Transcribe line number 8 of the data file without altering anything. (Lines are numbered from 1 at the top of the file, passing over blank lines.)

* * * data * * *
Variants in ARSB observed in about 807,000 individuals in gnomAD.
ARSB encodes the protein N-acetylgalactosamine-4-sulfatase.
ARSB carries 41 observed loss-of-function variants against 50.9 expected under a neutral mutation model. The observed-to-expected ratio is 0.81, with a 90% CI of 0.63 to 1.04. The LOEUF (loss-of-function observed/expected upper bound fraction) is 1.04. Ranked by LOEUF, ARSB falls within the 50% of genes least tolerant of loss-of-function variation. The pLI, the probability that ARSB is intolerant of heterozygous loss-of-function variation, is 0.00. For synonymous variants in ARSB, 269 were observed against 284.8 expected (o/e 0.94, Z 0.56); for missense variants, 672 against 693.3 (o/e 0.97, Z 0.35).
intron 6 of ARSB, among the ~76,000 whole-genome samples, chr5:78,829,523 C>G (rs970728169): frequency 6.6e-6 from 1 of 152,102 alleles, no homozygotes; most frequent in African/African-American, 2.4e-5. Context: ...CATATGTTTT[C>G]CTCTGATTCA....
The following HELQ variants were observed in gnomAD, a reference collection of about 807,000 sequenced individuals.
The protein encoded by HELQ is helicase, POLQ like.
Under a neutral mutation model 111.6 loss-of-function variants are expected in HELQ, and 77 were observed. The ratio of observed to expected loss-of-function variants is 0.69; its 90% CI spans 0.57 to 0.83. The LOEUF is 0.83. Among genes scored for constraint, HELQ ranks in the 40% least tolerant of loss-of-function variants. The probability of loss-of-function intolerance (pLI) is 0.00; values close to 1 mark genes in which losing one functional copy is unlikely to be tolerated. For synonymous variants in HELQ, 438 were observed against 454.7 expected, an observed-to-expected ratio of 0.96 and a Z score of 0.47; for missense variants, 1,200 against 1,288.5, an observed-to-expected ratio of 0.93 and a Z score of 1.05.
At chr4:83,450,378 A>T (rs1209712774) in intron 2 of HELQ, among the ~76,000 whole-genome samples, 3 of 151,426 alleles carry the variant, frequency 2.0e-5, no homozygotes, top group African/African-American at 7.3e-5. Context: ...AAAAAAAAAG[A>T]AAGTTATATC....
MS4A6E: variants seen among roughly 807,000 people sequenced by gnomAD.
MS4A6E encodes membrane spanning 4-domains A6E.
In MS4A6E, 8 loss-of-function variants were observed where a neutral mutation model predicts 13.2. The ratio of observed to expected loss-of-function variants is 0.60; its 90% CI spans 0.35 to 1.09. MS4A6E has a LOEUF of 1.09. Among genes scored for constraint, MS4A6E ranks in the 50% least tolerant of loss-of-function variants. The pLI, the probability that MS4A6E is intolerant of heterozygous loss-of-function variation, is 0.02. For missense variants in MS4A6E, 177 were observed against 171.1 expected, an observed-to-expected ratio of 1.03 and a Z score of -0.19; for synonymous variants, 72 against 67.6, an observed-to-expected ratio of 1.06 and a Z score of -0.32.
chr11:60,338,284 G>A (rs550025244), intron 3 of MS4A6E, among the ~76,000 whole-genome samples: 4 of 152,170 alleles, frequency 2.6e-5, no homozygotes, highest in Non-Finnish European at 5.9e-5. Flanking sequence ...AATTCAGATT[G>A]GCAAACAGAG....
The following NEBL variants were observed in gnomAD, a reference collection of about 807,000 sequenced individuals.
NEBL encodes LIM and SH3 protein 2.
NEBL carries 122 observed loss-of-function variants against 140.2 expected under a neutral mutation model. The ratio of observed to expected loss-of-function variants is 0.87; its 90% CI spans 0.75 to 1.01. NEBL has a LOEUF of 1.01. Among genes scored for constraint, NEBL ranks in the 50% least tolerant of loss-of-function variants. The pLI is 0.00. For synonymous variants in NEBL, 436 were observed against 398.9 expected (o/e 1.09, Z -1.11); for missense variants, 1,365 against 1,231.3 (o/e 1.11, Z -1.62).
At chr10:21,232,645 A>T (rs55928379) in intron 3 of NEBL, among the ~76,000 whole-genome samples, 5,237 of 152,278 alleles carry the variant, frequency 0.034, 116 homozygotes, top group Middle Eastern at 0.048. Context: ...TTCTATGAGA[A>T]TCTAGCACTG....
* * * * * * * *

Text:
At chr4:83,450,378 A>T (rs1209712774) in intron 2 of HELQ, among the ~76,000 whole-genome samples, 3 of 151,426 alleles carry the variant, frequency 2.0e-5, no homozygotes, top group African/African-American at 7.3e-5. Context: ...AAAAAAAAAG[A>T]AAGTTATATC....